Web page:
The honors candidates enrolled in this course will devote their time to the research and writing of their honors theses under the direct supervision of a history faculty member. This counts toward the senior research seminar requirement for the major. Students enrolled in this course will be automatically added to HIST 498Y for the spring semester. Permission of instructor and department chair required. Prerequisite: HIST 387.
The honors candidates enrolled in this course will devote their time to the research and writing of their honors theses under the direct supervision of a history faculty member. This counts toward the senior research seminar requirement for the major. Permission of instructor and department chair required. Prerequisite: HIST 387.
This course is designed for sophomores who plan to major in international studies. It explores the evolution of modern international society by examining the roles of industrialization, capitalism, nationalism, individualism and other elements of modernity in propelling and directing the flow of wealth, people and ideas between different regions of the world. In addition to studying general political and economic changes, the course considers various local and personal perspectives, giving life to otherwise abstract forces and complicating attempts to construct a single overarching narrative of "modernization," "Westernization" or "development." Among the issues to be examined are the causes and effects of international economic disparities, migration, cultural tensions and stresses on the environment. In surveying major viewpoints and illustrative cases within these themes, the course is meant to serve as an introduction to the international studies major, utilizing a variety of academic disciplines and providing a foundation for further study of relations between different nations and peoples of the world. As part of the course, students complete a research paper related to the geographic area where they plan to go for their off-campus experience. This interdisciplinary course does not count toward the completion of any diversification requirement. No prerequisite. Sophomore standing. Offered every year.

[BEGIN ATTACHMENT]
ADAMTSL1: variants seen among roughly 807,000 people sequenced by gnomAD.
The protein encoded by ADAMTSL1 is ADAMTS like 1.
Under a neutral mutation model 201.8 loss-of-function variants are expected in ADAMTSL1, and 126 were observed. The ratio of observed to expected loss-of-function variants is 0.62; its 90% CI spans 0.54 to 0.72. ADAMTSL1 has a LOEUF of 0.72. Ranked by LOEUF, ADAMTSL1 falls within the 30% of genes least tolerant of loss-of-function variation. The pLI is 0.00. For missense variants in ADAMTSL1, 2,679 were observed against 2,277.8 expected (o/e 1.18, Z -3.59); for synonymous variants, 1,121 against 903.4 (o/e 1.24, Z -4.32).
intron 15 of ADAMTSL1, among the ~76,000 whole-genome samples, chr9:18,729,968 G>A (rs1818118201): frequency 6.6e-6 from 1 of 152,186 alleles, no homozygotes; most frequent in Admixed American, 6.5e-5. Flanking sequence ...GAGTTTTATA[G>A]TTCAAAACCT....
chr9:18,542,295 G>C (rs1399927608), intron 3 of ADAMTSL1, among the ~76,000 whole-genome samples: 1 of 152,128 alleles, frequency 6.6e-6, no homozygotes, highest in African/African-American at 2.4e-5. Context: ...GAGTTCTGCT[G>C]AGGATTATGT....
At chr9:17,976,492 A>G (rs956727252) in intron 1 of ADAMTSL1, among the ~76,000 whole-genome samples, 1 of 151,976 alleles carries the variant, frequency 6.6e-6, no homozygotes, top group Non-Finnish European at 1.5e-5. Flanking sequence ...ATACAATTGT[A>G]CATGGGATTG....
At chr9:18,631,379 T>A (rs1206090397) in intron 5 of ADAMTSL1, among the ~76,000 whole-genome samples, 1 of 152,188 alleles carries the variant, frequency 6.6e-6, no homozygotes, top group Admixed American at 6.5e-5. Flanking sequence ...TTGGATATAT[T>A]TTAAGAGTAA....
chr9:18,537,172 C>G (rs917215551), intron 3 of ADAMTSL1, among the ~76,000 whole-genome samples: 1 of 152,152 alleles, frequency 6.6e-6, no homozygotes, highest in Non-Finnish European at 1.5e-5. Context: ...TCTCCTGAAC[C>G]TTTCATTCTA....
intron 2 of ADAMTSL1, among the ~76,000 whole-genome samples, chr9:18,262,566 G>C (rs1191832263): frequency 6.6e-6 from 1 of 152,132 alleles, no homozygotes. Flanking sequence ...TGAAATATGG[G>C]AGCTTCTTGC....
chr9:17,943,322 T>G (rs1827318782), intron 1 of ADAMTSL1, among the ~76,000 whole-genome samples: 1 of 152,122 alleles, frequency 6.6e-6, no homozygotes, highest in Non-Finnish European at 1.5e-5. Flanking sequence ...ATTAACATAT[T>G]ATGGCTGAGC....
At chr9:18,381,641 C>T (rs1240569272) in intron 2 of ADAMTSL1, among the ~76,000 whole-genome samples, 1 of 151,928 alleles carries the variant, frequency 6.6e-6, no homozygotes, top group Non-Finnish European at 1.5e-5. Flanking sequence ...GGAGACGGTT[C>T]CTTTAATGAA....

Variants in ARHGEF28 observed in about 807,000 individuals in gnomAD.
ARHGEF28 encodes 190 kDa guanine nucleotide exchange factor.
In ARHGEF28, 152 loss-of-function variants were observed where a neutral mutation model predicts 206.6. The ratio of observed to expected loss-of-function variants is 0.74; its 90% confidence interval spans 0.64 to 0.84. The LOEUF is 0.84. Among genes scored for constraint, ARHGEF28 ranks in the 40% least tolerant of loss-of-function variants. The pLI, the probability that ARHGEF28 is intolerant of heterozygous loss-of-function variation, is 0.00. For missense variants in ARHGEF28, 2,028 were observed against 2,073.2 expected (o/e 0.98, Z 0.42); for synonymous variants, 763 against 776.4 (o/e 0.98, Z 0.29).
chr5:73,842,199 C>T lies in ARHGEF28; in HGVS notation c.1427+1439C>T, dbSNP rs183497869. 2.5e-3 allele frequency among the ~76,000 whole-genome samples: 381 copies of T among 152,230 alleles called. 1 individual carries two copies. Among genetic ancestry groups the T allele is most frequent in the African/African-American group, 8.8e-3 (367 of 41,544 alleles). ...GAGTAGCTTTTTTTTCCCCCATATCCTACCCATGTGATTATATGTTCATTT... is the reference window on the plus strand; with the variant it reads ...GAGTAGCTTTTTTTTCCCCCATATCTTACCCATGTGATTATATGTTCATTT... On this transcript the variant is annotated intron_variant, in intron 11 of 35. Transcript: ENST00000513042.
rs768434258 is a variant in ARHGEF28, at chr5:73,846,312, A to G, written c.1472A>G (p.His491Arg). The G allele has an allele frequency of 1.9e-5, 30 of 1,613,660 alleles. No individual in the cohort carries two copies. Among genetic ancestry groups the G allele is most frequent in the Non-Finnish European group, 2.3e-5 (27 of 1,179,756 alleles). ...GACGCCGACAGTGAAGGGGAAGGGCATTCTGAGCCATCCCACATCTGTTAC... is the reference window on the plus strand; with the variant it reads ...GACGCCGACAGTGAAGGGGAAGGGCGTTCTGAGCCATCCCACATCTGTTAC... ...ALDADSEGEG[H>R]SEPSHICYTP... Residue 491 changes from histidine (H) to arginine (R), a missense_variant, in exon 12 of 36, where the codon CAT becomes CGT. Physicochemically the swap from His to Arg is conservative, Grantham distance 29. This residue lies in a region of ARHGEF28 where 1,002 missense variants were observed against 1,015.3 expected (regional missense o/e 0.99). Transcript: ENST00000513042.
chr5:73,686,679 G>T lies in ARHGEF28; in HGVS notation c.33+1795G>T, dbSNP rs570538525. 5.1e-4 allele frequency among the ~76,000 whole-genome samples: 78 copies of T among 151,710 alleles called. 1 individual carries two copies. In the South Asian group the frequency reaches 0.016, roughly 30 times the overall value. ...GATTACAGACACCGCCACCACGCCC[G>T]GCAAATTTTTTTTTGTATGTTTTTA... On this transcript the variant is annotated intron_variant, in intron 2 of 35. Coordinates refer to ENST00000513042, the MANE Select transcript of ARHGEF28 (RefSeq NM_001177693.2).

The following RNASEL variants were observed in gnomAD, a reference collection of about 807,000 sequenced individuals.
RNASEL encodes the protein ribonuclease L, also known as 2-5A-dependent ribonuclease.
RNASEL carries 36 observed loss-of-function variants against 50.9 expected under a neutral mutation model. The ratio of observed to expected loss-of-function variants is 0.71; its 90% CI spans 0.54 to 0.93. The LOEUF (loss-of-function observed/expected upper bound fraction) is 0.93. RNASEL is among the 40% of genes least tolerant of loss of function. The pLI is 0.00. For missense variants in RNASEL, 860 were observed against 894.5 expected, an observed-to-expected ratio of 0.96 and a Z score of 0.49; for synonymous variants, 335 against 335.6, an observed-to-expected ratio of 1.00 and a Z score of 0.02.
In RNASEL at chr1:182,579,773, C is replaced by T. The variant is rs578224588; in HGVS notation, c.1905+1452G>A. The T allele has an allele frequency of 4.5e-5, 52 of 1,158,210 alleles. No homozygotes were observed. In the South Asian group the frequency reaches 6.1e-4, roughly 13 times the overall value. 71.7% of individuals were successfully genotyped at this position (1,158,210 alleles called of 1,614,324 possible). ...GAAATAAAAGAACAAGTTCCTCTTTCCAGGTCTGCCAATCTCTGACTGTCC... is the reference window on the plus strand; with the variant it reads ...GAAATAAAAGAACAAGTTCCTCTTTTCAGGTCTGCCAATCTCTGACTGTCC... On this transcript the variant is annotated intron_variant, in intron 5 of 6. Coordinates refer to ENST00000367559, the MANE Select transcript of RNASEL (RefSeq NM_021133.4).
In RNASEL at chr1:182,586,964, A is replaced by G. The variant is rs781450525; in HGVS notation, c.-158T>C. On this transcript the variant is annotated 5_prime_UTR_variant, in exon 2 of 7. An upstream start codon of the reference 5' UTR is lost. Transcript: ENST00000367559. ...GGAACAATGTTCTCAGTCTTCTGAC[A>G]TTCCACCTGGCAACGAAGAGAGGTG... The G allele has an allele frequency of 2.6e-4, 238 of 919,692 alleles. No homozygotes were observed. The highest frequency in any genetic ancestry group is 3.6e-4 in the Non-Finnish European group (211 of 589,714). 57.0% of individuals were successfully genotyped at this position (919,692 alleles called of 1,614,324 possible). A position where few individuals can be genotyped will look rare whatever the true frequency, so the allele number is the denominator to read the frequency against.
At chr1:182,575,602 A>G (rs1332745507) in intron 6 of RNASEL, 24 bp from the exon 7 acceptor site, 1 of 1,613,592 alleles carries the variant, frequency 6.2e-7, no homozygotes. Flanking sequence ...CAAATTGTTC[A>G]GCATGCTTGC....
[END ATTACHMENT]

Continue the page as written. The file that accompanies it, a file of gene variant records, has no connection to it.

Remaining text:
Individual study is available to highly qualified juniors and seniors who would like to pursue a course of reading or complete a focused research project on a topic not regularly offered in the international studies curriculum. This option is available only in exceptional circumstances and must focus on topics specific to international studies, rather than those more suited to another department. All proposals must be approved by the International Studies Program director. To be considered for an individual study (IS) project, the candidate must prepare a proposal in consultation with a member of the international studies faculty who has suitable expertise and is willing to work with the student over the course of a semester. Because students must enroll for individual studies by the seventh day of classes in a semester, candidates should begin outlining their planned course of study with the supervising faculty member and the program director the semester before they hope to undertake the project. In all cases, proposals must be submitted by the fourth day of classes in the semester when the IS will take place. The two-to three page proposal should include a statement of the questions to be explored, a preliminary bibliography, schedules for meeting with the supervising faculty member and completion of work, and a description of grading criteria. Students also should briefly describe prior coursework that particularly qualifies them to pursue the project independently. The program director will, in conjunction with the supervising faculty member, review the proposal and decide whether to approve it.\nFor all international studies IS projects, certain conditions apply. The student is required to meet regularly with the instructor for an average of at least one hour per week. The work involved is substantial: For a 0.50 IS, the amount of graded work should approximate that required in a full credit 300- or 400-level course in the social sciences, humanities or sciences. For a 0.25 IS, reading and writing requirements will be approximately half of that amount. Individual projects vary, but students pursuing an IS in international studies should plan to read approximately 200 pages a week and to write at least 25 pages over the course of the semester. Because students must enroll for individual studies by the end of the seventh class day of each semester, they should begin discussion of the proposed individual study by the semester before, so that there is time to devise the proposal and seek departmental approval. This interdisciplinary course does not count toward the completion of any diversification requirement.